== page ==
Each year we look forward to connecting with authors and classrooms around the US for Litworld’s World Read Aloud Day.
LitWorld founded World Read Aloud Day in 2010 as an opportunity for people all around the globe to celebrate the joy of reading aloud, and advocate for literacy as a fundamental human right that belongs to everyone. Over the last ten years, World Read Aloud Day has evolved into a global movement of millions of readers, writers, and listeners from communities all across the world coming together to honor the joy and power of reading and sharing stories, and continue expanding the definition and scope of global literacy. ~Litworld World Read Aloud Day
Back in November, I began using a collaborative Google document to find classrooms, libraries, and authors for us to connect with. In each connection, we chose a book to read aloud together. Sometimes we would have a specific kind of discussion planned for our students after the book and other times we just let students ask one another questions to make a connection to another group of learners.
This year, we made connections with classes in Georgia, Vermont, Maine, Kansas, Michigan, New Jersey, Connecticut, Massachusetts, and Virginia, We also connected with authors Laura Murray, Jess Redman, and Liz Garton Scanlon.
We shared several books with our connecting classes. One favorite was the book Truman by Jean Reidy & Lucy Ruth Cummins. This book tales the story of a brave and small tortoise named Truman who sets out on an adventure in his apartment while he awaits the return of his Sarah. When we connected with Donna MacDonald and her students in Vermont, we got to meet their pet tortoise, Milo.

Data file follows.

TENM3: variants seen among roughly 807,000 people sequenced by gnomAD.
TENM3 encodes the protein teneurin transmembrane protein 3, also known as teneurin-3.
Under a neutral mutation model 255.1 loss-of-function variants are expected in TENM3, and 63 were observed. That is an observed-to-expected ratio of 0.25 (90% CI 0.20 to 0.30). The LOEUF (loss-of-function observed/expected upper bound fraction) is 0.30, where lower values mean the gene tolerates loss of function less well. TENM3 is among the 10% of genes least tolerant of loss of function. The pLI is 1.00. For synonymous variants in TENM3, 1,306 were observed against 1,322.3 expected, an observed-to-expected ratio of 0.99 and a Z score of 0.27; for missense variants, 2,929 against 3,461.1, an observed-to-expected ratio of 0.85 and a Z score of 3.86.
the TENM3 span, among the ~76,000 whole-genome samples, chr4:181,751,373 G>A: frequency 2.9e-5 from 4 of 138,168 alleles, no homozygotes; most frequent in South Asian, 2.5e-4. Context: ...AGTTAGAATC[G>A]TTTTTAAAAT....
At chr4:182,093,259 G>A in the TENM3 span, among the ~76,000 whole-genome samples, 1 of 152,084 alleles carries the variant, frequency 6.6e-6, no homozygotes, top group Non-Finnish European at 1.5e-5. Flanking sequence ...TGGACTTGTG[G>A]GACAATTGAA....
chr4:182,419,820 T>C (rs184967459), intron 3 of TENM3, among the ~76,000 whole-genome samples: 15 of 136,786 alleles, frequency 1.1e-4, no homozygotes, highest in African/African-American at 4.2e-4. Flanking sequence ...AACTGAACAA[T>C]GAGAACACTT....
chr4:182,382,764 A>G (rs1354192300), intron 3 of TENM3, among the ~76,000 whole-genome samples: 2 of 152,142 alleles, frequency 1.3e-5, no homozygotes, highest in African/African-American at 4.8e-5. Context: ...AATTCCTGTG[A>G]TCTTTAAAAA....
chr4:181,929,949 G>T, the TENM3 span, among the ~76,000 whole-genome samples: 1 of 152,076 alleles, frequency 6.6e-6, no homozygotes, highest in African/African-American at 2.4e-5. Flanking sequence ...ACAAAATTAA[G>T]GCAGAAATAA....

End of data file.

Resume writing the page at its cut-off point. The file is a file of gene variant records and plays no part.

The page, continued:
We shared the book Just Ask by Sonia Sotomayor with a few connecting classes too. This book is filled with students who learn in many different ways and each page ends with a question. Students in each connecting class shared answers to questions such as “what frustrates you?” and “how will you use your powers in the world?”.
Another thing I love about connections is being introduced to new books. Two books that were new to us this time were the hilarious Grownups Never Do That by Benjamin Chaude and Davide Cali & Seagull and Sea Dragon by Sydni Gregg. Both of these made great read alouds for a connection. Seagull and Sea Dragon had two voices so each librarian could choose a character to read. Grownups Never Do That riled up students and made them want to share all the things they had seen grownups do that children are told not to do.
Our author connections were fantastic this year. Laura Murray involved the students in reading Gingerbread Man Loose in the School and shared how the book came to be. Jess Redman told us about her upcoming book Quintessence and read a chapter from The Miraculous. Liz Garton Scanlon showed us several of her books and did an interactive reading of Bob, Not Bob. One of the most special things about connecting with authors is that they answer student questions. We get to learn about where they get their ideas, how long it takes them to write their books, what the revising process is like, and more. Since they are in their homes, they also can reach over and grab artifacts to go along with their answers. For example, a student asked Jess Redman what her favorite books were as a kid and she was able to reach over and get the actual copies of the books from her childhood.
As we met new friends via Skype, we always looked at map to see where they were in relation to us. Many of our northeastern friends were experiencing snow, so we got to hear about how they go to school in the snow. Our Kansas friends were very close to Missouri, so we got to learn about the Super Bowl excitement and how school might be canceled for a parade. We got to share a tornado warning with a connecting class during our week of crazy Georgia weather.
World Read Aloud always brings great connections to people in the world, shared stories across the miles, and interesting conversation between learners. We look forward to next year.